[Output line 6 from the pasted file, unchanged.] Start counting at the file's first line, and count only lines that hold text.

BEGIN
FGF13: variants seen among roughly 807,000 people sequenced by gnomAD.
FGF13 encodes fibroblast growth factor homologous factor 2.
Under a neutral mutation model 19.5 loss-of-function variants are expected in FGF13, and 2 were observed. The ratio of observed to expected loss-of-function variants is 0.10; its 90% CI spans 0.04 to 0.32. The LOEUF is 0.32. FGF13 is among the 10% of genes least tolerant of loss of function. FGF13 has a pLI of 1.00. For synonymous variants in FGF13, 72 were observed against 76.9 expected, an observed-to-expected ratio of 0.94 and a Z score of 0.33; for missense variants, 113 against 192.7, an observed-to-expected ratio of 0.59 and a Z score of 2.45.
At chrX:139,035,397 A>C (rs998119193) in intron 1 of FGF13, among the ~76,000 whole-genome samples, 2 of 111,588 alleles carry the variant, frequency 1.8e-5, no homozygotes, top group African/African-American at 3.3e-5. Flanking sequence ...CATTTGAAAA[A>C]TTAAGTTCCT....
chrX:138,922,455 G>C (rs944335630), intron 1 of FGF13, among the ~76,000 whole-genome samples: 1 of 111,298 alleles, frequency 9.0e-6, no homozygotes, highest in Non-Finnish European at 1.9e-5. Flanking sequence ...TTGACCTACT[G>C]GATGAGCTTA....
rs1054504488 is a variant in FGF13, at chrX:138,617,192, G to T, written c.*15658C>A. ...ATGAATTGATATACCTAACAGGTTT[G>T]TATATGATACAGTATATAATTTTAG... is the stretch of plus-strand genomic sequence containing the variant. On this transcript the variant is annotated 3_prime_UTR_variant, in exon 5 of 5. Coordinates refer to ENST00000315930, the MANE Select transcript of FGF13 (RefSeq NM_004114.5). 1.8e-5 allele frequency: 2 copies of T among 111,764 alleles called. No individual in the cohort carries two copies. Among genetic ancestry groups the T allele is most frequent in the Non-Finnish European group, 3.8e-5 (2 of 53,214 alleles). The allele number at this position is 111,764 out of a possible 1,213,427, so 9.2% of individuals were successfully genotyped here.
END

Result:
rs1054504488 is a variant in FGF13, at chrX:138,617,192, G to T, written c.*15658C>A. ...ATGAATTGATATACCTAACAGGTTT[G>T]TATATGATACAGTATATAATTTTAG... is the stretch of plus-strand genomic sequence containing the variant. On this transcript the variant is annotated 3_prime_UTR_variant, in exon 5 of 5. Coordinates refer to ENST00000315930, the MANE Select transcript of FGF13 (RefSeq NM_004114.5). 1.8e-5 allele frequency: 2 copies of T among 111,764 alleles called. No individual in the cohort carries two copies. Among genetic ancestry groups the T allele is most frequent in the Non-Finnish European group, 3.8e-5 (2 of 53,214 alleles). The allele number at this position is 111,764 out of a possible 1,213,427, so 9.2% of individuals were successfully genotyped here.